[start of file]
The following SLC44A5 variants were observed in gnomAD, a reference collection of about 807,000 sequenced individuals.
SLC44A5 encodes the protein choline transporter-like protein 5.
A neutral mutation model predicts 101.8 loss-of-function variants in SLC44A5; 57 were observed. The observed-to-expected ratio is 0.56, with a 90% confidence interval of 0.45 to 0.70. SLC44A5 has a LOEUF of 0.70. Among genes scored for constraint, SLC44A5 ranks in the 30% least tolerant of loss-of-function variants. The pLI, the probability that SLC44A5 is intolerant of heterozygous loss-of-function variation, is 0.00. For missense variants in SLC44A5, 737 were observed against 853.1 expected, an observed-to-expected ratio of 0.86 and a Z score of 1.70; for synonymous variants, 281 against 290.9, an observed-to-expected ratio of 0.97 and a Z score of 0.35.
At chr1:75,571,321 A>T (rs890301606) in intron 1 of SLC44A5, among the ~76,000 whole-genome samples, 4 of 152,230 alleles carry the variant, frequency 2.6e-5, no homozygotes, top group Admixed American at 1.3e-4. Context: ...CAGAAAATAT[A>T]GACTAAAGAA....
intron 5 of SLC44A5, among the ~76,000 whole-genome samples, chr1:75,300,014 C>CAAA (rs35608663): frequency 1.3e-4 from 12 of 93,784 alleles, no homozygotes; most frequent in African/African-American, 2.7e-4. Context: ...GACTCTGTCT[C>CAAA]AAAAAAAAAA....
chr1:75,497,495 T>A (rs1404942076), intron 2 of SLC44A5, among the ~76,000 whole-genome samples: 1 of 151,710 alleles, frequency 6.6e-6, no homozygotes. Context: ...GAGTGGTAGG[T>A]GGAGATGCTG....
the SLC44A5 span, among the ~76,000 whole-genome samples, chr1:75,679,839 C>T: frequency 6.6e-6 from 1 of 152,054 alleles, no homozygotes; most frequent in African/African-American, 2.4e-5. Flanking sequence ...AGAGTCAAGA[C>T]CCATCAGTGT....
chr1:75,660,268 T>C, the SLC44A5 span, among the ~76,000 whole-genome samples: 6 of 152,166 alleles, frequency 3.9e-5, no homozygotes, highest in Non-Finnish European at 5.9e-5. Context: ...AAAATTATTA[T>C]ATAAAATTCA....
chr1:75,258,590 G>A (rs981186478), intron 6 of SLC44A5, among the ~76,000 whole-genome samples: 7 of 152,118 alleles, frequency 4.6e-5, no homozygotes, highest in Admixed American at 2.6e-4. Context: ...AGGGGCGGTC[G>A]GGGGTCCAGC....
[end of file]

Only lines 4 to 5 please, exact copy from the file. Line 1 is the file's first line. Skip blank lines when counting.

At chr1:75,571,321 A>T (rs890301606) in intron 1 of SLC44A5, among the ~76,000 whole-genome samples, 4 of 152,230 alleles carry the variant, frequency 2.6e-5, no homozygotes, top group Admixed American at 1.3e-4. Context: ...CAGAAAATAT[A>T]GACTAAAGAA....
intron 5 of SLC44A5, among the ~76,000 whole-genome samples, chr1:75,300,014 C>CAAA (rs35608663): frequency 1.3e-4 from 12 of 93,784 alleles, no homozygotes; most frequent in African/African-American, 2.7e-4. Context: ...GACTCTGTCT[C>CAAA]AAAAAAAAAA....